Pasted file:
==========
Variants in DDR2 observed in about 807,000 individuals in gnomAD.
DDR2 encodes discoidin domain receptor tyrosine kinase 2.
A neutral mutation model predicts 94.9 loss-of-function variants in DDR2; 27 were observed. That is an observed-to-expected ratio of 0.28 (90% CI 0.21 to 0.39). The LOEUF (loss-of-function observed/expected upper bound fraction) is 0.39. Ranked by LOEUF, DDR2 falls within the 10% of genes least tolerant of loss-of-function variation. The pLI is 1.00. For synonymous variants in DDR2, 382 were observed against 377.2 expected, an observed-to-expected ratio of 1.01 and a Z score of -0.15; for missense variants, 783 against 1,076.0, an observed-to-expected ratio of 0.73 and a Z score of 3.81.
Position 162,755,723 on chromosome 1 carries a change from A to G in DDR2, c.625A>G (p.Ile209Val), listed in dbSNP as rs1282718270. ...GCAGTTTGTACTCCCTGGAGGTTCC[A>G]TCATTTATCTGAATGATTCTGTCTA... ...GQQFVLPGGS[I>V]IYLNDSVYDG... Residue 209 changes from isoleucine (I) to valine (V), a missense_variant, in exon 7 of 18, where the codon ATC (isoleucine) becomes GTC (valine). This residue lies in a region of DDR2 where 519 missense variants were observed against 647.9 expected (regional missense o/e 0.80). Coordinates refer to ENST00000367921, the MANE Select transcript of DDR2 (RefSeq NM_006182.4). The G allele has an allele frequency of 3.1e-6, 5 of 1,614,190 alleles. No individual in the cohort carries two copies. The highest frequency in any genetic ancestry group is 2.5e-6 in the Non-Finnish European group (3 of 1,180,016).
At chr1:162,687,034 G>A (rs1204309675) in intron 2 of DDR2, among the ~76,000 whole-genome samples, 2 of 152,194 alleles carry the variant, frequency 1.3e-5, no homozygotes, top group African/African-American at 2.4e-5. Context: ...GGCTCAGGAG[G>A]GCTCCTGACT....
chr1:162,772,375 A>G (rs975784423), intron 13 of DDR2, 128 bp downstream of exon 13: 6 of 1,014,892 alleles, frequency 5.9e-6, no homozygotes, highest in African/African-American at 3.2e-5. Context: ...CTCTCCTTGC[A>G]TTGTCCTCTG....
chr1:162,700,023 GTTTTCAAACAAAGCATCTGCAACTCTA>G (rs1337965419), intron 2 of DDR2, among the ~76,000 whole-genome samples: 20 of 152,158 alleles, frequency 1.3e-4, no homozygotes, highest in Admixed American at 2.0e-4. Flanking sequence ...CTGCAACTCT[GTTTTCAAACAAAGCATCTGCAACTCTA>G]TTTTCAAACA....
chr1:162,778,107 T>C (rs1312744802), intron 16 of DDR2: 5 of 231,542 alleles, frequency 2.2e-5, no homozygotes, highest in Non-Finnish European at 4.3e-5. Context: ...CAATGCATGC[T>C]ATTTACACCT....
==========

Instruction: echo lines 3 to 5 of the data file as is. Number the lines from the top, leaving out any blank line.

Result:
A neutral mutation model predicts 94.9 loss-of-function variants in DDR2; 27 were observed. That is an observed-to-expected ratio of 0.28 (90% CI 0.21 to 0.39). The LOEUF (loss-of-function observed/expected upper bound fraction) is 0.39. Ranked by LOEUF, DDR2 falls within the 10% of genes least tolerant of loss-of-function variation. The pLI is 1.00. For synonymous variants in DDR2, 382 were observed against 377.2 expected, an observed-to-expected ratio of 1.01 and a Z score of -0.15; for missense variants, 783 against 1,076.0, an observed-to-expected ratio of 0.73 and a Z score of 3.81.
Position 162,755,723 on chromosome 1 carries a change from A to G in DDR2, c.625A>G (p.Ile209Val), listed in dbSNP as rs1282718270. ...GCAGTTTGTACTCCCTGGAGGTTCC[A>G]TCATTTATCTGAATGATTCTGTCTA... ...GQQFVLPGGS[I>V]IYLNDSVYDG... Residue 209 changes from isoleucine (I) to valine (V), a missense_variant, in exon 7 of 18, where the codon ATC (isoleucine) becomes GTC (valine). This residue lies in a region of DDR2 where 519 missense variants were observed against 647.9 expected (regional missense o/e 0.80). Coordinates refer to ENST00000367921, the MANE Select transcript of DDR2 (RefSeq NM_006182.4). The G allele has an allele frequency of 3.1e-6, 5 of 1,614,190 alleles. No individual in the cohort carries two copies. The highest frequency in any genetic ancestry group is 2.5e-6 in the Non-Finnish European group (3 of 1,180,016).
At chr1:162,687,034 G>A (rs1204309675) in intron 2 of DDR2, among the ~76,000 whole-genome samples, 2 of 152,194 alleles carry the variant, frequency 1.3e-5, no homozygotes, top group African/African-American at 2.4e-5. Context: ...GGCTCAGGAG[G>A]GCTCCTGACT....